Home Religion in Colonial America
by Rev. David T. Myers
In the years prior to the American Revolution, Presbyterians were already emigrating into Western Pennsylvania with their families. This was no easy move on their part. Native Indian tribes were resistant to this westward expansion. The further these Presbyterians moved away from civilization, the fewer helps and conveniences moved with them. More than that, these pioneers often left behind the anchor of an ordained ministry of the gospel.
In 1772, the Presbytery of Donegal appointed the Rev. David McClure to take a spiritual tour of Presbyterians west of the Allegheny mountains. We know very little about him as a person. He was from Ulster, or northern Ireland as we know it today. Some said he was from Londonderry, Ulster. He had traveled to Rhode Island, and then come down to the middle colonies. First sent to the Delaware Indians, they had rejected his message of salvation. So he became an itinerant minister and thus was open to the trip west for the Presbytery.
Writing a remarkable diary, he observed once that “truly the people here in this new country are as sheep scattered upon the mountains without a shepherd. May the good Lord raise up and send forth faithful laborers into this past of His vineyard.” He didn’t have long to wait for the fulfillment of that prayer.
Notice his words on April 8, 1773. He comments in his diary, “The inhabitants west of the Appalachian mountains are chiefly Scotch-Irish Presbyterians. They are either natives of the north of Ireland, or the descendants of such and removed here from the middle colonies. There are some Germans, English, and Scotch. The Presbyterians are generally well indoctrinated in the principles of the Christian religion. The young people are taught by their parents and school masters, the Larger and Shorter Catechisms, and almost every family has the Westminster Confession of Faith, which they carefully study.”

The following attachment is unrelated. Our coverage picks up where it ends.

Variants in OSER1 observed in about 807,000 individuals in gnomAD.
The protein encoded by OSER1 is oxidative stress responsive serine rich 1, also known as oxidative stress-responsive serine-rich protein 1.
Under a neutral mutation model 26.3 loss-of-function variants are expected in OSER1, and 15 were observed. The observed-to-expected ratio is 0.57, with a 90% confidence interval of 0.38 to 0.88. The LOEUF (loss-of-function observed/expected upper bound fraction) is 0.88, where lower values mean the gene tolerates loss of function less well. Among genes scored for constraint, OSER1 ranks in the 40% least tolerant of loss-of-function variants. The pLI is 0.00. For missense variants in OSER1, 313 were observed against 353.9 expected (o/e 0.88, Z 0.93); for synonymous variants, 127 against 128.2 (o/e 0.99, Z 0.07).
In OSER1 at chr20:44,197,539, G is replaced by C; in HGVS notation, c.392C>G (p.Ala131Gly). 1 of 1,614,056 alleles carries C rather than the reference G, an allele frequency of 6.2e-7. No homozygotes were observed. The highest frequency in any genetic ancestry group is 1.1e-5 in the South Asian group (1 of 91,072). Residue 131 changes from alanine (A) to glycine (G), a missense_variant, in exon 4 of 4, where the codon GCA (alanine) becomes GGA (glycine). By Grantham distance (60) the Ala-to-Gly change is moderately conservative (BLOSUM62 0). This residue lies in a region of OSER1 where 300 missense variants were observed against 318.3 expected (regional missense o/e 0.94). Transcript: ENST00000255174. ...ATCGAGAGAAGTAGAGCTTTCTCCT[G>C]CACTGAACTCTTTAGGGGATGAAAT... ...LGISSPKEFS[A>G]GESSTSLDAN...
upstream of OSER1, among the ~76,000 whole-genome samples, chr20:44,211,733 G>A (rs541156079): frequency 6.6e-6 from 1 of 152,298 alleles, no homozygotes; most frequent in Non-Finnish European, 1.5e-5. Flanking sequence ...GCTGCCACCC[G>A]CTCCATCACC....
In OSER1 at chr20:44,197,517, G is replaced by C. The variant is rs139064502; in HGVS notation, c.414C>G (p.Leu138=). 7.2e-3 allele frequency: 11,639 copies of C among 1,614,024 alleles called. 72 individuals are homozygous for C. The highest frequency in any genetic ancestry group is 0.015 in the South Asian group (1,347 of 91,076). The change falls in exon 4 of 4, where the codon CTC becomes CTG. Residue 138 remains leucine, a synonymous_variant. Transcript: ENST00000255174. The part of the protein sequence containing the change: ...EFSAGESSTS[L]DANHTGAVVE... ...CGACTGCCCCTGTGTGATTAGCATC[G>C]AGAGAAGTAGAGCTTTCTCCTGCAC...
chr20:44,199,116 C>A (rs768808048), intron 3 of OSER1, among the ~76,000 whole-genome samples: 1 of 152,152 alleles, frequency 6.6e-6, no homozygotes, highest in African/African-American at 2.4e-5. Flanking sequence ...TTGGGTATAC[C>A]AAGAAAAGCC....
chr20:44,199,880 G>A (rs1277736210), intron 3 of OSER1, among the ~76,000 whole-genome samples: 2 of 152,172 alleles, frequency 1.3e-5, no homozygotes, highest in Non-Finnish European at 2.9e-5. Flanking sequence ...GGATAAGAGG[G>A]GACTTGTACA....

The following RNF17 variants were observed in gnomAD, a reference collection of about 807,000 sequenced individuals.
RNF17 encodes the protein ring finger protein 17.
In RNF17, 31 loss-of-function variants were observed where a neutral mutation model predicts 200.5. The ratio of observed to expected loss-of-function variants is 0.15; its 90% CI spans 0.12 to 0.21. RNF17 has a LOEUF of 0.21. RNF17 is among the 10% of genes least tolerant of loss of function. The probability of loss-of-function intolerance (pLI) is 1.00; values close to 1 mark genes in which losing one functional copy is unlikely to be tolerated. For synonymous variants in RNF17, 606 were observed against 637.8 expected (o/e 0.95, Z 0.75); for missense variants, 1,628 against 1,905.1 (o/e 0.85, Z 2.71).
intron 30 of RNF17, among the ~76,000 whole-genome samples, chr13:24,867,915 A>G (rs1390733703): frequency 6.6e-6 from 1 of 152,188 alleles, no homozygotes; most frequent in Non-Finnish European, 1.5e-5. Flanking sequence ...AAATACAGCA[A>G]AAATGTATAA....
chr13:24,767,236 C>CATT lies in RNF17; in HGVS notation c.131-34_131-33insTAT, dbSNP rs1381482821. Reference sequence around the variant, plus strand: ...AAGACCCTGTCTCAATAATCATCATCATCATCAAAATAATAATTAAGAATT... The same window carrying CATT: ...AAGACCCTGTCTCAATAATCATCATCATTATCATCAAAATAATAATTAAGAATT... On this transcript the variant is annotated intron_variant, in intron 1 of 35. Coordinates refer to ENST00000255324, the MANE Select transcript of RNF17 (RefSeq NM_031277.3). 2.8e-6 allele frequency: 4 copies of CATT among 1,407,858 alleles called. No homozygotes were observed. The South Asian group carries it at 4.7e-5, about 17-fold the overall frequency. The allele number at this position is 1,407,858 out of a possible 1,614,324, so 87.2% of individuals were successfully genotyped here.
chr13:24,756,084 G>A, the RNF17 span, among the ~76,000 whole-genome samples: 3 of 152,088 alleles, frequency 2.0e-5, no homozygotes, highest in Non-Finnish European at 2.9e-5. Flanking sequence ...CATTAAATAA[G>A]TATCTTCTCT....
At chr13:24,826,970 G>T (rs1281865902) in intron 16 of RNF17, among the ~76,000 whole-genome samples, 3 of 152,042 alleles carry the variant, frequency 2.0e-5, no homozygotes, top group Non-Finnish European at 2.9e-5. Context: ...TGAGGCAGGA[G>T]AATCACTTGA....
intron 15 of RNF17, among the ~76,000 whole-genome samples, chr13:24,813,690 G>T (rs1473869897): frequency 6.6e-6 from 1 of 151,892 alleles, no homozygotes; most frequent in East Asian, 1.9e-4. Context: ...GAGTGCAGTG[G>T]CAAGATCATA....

Along with the Bible and the Westminster Standards, usually the Scotch-Irish families of the wilderness possessed Thomas Boston’s Fourfold State, and one of the commentaries, such as Matthew Henry. With these within their grasp, time in the morning and evening of each day would be set aside for reading and prayers and memory work. When a traveling pastor would come through, like David McClure, he would spend time asking the family members questions from the Bible and the Standards. Those who answered faithfully would be given communion tokens, upon which they would turn in and receive communion on the Lord’s Day. Those who failed in their spiritual understanding would not receive the token and would be sufficiently warned to do better in their Christian experience the next time a minister would visit.
It was serious business being a Christian in colonial times.
Words to Live By: What place does the Word of God and the Westminster Standards have in your home? Are they strangers to the members of your family? Do they have just a nodding acquaintance with you? Or do they form the backbone of your faith and life? It is not without purpose that our historical devotionals in this year’s reading include both Scripture and Standards on a day-by-day basis. Apply them to your family members and their age groups, so as to bring back the early Presbyterian practice of being trained up in the fear of the Lord.